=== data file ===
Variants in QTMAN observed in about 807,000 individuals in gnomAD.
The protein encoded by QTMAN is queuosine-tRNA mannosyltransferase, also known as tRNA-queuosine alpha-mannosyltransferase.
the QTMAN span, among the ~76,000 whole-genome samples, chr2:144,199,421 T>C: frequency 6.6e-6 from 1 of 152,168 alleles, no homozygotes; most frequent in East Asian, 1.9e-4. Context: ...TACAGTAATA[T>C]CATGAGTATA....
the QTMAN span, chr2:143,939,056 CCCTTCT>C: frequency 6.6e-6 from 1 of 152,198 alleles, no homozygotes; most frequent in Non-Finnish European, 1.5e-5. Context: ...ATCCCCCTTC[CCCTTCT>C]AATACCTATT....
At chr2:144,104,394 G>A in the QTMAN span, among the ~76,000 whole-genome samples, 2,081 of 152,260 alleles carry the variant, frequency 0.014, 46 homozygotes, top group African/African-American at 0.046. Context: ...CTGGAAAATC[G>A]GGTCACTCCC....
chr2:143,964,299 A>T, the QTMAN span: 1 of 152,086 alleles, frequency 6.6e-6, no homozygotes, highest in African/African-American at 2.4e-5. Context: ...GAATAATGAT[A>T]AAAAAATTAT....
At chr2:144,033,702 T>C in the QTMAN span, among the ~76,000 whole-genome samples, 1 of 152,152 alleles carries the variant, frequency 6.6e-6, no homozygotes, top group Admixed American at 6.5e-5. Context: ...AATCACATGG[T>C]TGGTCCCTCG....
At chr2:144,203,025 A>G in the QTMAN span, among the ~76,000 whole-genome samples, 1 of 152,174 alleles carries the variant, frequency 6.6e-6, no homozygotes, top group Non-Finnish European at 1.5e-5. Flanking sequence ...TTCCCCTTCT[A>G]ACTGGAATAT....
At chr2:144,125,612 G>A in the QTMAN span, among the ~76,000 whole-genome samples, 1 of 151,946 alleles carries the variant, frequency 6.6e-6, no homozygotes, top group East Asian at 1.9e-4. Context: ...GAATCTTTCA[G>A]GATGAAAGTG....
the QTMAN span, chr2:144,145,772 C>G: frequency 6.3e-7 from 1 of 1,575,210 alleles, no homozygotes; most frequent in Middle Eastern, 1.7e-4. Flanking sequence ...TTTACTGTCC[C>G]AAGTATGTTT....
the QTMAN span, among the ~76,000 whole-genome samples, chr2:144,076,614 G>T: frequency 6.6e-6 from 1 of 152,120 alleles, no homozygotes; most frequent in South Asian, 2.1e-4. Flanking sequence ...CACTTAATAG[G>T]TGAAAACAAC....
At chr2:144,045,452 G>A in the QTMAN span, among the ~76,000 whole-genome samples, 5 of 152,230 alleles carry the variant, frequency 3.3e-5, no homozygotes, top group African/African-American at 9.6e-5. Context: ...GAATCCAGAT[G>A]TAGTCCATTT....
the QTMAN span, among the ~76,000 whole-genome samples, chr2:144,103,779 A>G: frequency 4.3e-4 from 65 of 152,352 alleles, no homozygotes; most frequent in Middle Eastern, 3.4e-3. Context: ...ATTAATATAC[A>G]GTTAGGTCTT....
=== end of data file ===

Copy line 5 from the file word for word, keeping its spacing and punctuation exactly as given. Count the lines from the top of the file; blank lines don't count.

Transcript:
At chr2:144,104,394 G>A in the QTMAN span, among the ~76,000 whole-genome samples, 2,081 of 152,260 alleles carry the variant, frequency 0.014, 46 homozygotes, top group African/African-American at 0.046. Context: ...CTGGAAAATC[G>A]GGTCACTCCC....